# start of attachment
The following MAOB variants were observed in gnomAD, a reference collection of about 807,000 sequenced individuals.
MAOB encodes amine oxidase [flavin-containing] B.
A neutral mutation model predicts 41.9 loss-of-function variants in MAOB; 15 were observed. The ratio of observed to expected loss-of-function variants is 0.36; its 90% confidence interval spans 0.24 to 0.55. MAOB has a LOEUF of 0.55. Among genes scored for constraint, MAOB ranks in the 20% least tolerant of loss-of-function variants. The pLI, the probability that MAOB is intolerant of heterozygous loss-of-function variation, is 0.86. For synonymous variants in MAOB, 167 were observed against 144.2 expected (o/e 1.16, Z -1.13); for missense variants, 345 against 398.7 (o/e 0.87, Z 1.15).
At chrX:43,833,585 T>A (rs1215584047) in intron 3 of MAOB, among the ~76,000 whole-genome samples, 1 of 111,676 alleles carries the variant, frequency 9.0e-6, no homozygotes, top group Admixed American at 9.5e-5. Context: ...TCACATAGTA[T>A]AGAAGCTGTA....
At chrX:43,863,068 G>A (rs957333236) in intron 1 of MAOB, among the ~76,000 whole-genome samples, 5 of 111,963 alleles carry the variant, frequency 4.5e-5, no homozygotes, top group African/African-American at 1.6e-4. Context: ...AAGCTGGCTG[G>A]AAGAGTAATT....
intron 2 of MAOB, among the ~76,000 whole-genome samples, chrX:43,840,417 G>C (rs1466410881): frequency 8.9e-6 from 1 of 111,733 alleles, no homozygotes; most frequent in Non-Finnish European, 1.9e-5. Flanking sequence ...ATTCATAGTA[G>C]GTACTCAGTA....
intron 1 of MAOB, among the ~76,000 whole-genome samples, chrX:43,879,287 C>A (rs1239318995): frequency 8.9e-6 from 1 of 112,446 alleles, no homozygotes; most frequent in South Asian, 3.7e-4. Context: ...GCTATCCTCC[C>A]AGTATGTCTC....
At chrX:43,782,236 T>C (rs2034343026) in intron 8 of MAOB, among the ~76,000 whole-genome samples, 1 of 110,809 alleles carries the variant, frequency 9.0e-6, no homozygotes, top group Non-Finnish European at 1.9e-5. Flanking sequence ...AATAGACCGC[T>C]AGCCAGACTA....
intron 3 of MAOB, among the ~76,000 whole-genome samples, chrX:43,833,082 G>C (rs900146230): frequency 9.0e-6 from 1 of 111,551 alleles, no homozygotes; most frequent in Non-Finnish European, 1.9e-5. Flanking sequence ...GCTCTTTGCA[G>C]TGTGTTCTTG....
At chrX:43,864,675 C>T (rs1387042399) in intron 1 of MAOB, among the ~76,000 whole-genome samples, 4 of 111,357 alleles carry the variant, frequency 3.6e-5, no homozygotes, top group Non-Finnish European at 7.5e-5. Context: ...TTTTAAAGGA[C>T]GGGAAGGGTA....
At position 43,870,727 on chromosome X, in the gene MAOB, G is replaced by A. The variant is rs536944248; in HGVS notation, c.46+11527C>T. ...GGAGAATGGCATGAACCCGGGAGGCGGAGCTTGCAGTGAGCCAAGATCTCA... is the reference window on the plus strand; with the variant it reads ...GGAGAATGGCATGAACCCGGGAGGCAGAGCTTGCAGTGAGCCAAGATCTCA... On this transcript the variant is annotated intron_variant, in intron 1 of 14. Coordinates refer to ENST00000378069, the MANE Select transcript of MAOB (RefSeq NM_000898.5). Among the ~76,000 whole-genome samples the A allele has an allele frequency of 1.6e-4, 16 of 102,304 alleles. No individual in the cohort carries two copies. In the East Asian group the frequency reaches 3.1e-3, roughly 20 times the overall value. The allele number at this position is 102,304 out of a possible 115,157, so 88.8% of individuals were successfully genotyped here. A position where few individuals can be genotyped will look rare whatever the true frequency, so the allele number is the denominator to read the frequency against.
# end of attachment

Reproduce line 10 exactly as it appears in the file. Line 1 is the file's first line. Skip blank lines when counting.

At chrX:43,864,675 C>T (rs1387042399) in intron 1 of MAOB, among the ~76,000 whole-genome samples, 4 of 111,357 alleles carry the variant, frequency 3.6e-5, no homozygotes, top group Non-Finnish European at 7.5e-5. Context: ...TTTTAAAGGA[C>T]GGGAAGGGTA....